Go list-ops: are Append and/or Concat supposed to mutate?

func (s IntList) Append(lst IntList) IntList {...}

func (s IntList) Concat(lists []IntList) IntList {...}

Are these functions supposed to mutate s?

FWIW the Python track intentionally and explicitly doesn’t say either way. I usually nudge Python students away from mutating.

The List Ops exercise is a weird fit for most languages. Or rather, languages that aren’t Lisps or MLs. I have been wondering for a long time what to do with it outside of those language families.

I’d like to keep the topic go-specific.

In go, is it more usual to create a method on a type that (a) returns a value of that type or (b) mutates the value receiving the method call?

The simple answer is that if it passes the tests it’s fine and the Go track doesn’t impose a strong opinion on this. I’d say there’s a preference always to return new slices. The first hint that you are supposed to return new slices is that the functions return IntList instead of not returning anything if you were supposed to mutate the slice directly. However, in Go there’s a discussion to be had about what qualifies as a “new slice”.

Doing appends or concats by mutating slices directly is not really possible in Go, as append will always return you a new slice. That’s the reason you often do s = append(s, ...) and not just append(s, ...) - append does not mutate the slice - it creates a new one, which may or may not use the same underlying array as the slice you passed in (often it does though). So technically speaking, you are only working with new slices when you use append.

Also note that since (s IntList) is a value receiver and not a pointer receiver, technically, s is a shallow copy of the slice struct you call the method on. Since the slice struct contains a pointer to the data, along with length and capacity fields, you can however mutate the data it points to using s using index operations like s[i]. So, despite s being technically a copy, indexing operations will operate on the underlying array of the slice, modifying data through the pointer in the slice struct. But when talking about appends, a new slice struct is always returned, with the caveat that it might reuse the same underlying array if append decides so. This is one definition of “new slice” - if it’s a new slice struct, it is a new slice. For this exercise, just relying on this behavior of append always returning a new slice according to this definition of “new” is fine. What I mean by this, is you can keep using the receiver s and the other lists you receive as parameters as the first argument to the append calls.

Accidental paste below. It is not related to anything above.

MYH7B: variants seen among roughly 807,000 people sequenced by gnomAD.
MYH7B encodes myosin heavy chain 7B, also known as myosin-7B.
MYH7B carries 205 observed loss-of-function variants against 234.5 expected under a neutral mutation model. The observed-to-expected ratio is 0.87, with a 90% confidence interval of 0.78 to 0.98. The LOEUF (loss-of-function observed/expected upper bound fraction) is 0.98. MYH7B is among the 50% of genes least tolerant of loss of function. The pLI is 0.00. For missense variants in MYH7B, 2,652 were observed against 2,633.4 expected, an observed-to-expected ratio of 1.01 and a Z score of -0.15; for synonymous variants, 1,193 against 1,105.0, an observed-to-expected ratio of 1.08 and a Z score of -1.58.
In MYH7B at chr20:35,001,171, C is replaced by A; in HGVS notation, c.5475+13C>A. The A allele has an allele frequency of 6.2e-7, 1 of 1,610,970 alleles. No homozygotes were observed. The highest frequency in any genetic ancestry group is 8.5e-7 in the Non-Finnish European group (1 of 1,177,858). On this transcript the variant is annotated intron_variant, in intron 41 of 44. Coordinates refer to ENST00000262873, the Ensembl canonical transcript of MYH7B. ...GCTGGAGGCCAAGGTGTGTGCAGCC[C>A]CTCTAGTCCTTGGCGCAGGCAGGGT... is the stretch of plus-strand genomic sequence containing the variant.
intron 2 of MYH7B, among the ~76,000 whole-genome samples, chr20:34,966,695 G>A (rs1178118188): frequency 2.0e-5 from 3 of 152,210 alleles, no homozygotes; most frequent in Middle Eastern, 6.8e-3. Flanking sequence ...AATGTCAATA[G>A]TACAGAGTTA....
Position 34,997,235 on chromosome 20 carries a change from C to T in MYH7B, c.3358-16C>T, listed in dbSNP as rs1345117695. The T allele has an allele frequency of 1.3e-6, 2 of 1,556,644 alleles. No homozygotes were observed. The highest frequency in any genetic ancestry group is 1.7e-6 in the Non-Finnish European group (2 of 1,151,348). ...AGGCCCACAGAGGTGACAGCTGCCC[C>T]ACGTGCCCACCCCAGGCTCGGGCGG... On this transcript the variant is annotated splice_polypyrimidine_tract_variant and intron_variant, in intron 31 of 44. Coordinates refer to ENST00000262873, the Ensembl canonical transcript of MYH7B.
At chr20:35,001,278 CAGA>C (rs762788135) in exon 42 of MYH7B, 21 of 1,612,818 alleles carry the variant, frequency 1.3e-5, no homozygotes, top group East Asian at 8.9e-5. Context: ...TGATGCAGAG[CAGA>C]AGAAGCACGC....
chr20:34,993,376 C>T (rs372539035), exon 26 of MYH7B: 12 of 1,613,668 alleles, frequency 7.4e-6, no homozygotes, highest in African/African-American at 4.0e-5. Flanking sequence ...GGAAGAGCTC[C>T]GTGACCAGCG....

However, you might be a bit unsatisfied with that definition of “new slice”, because how “new” it truly is if it has a possibility of sharing the underlying array with some other slice? To address this, optionally, you might want to go further and ensure that these new slices append returns don’t use the same underlying array as the slices passed as arguments or in the receiver for the method. The simple way to do this would be to keep doing the appends, but doing them on a new base slice:

ret := IntList{}
ret = append(ret, s...)

The first line ensures you create a new slice, with a new initially empty underlying array.
Then on the second line s... will create copies of all elements in s and append them to the new underlying array. This copy only happens if the elements of s are primitive types or structs with only primitive types. If they are pointers or struct instances with pointers inside, Go will copy the pointers but not the data pointed by the pointer, i.e it’s a shallow copy for pointers). You can also perform this copying operation using the copy built-in. For more info, see “copy” on Slice Tricks.

(Sorry if this turned into a bit of a mentoring session, but I do get really excited when talking about Go stuff)

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It was the return type that clued me in to create a new slice. I did have a very productive mentoring session with Sebastian.

I like the slice tricks. Happy to say I did matching-brackets and implemented a Stack type using just those Push and Pop implementations.